Dr. Jennifer Ashton of 'The Revolution' on ABC
Q: What do you think about being part of transforming ABC's daytime lineup as a "cast" member of "The Revolution"?
A: They're really breaking through into a new frontier. They're making kind of a "dream team" environment where the women that we feature on the show can literally transform their lives, with small changes or huge ones.
I think it really speaks to the fact that the viewer is evolving. They don't just want pure entertainment; they want information, and they want to improve their lives and the lives of their families. And ABC is really responding to that change.
Q: How different is your schedule, now that you have to be available at midday for "The Revolution"?
A: I was pretty fortunate before with how flexible my schedule was. Even when I was on (CBS') "The Early Show" every day, I was finished by 9 in the morning ... so on days when I wasn't seeing patients, I had a really good amount of free time to work out or do errands or do things for my kids.
Q: Did the timing of the offer to do "The Revolution" dovetail well for you with the changes that CBS was making to its morning program?
A: I was contacted regularly by many different production companies who were considering launching shows, and I didn't take those offers too seriously. In television, there's a long path between the initial phone call and when something actually makes it (onto the air).
Pablo Schreiber of 'A Gifted Man' on CBS
Q: What actors do you admire?
A: Robert Duvall was the first actor I latched onto and decided was great and obviously still love him. Daniel Day-Lewis, and he remains my favorite to this day.
Q: Have you met him?
A: No, and I almost don't want to. I like a mystique about who he is.
Q: What are your hobbies?
A: I am an avid gardener. I have a place in the Catskills, 20 acres and a garden.
Q: What do you grow?
A: I grow trees. With permaculture, the idea is of setting up sustainable agriculture, setting up food forests. The more mature a landscape is, the more food it produces. Use cover crops to mulch and keep weeds down and refertilize the soil rather than bringing on outside fertilizer.
Q: What are some of your goals?
A: Writing and directing are eventual, long-term goals. I love being an actor and that part of storytelling and becoming more involved in telling my own stories. And then, of course, being a good parent.
Q: What do you like to do with your son, and how old is he?
A: Mostly just to be with him. Three is such a time of change and growth, just to get to watch him learn and process and start to fit himself into social society. The idea of listen to your parents and they like you more when you behave.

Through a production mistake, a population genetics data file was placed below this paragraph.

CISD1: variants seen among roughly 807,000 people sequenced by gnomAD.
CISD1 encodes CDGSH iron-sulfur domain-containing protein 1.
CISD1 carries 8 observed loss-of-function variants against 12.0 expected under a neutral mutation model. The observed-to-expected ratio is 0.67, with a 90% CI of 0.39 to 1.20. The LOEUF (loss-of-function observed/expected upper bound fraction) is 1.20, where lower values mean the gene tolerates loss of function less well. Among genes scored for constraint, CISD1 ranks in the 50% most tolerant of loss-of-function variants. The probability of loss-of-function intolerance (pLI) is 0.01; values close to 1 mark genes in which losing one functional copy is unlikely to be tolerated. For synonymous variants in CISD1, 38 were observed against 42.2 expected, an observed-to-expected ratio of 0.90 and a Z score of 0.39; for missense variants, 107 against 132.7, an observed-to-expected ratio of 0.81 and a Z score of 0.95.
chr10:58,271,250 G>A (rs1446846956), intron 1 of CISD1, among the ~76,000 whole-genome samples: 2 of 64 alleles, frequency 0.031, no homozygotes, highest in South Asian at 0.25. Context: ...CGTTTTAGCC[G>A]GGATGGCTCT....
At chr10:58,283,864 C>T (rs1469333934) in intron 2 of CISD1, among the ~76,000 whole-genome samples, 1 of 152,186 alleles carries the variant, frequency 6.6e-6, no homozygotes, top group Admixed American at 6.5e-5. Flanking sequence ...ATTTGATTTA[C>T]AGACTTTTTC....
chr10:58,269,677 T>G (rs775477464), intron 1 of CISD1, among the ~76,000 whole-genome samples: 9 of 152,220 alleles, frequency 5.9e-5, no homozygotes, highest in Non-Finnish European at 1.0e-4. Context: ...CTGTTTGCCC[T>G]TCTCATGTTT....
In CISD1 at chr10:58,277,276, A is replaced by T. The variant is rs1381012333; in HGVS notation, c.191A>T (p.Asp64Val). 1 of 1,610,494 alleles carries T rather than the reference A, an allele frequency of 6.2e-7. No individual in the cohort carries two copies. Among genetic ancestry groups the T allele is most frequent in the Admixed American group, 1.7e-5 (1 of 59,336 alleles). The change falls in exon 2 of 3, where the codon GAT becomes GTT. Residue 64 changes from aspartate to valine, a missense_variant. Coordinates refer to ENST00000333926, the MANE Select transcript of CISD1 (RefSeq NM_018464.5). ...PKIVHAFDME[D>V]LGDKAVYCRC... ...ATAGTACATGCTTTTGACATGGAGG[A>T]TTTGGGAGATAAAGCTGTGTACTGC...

Q: Do you have pets?
A: A Boston terrier, Sue-Sue, and we just adopted a cat, Cookie. My son named the cat because he loves cookies.
Kelli Garner of 'Pan Am' on ABC
Q: Did you immediately take to your character, Kate, as soon as you read the script?
A: This project happened so fast for me. I was the last one cast for one of the big roles. I didn't have as much time to learn about the history of Pan Am. What has been so fun for me is these were really modern women of their time, everything was set for me. They were exploring countries and alone, with a little per diem.
Q: Have you ever gone to a country and explored on your own?
A: At 17, I went to India for a job.
Q: How do you describe Kate and her double life, working for the CIA?
A: Kate, as smart as she is, is in extremely over her head, which is great because I could just bring my own perspective and opinion, and I just had to exist and feel. I am not a spy. I am a courier. They expect (spies) to be so cold and sharp and mysterious. What about the beginning, how they got to be that cold killing machine?
Q: The look all of you have is built from the inside. What do you think of wearing the more constricting undergarments?
A: I look like I am back in the '50s, with the long-line bra and the girdle. Johnny (Galecki, her boyfriend) is just like, "It's beautiful." There is something really beautiful about that period. We are not as put together with the ritual of getting dressed. It's extremely feminine.Copyright © 2015, The Baltimore Sun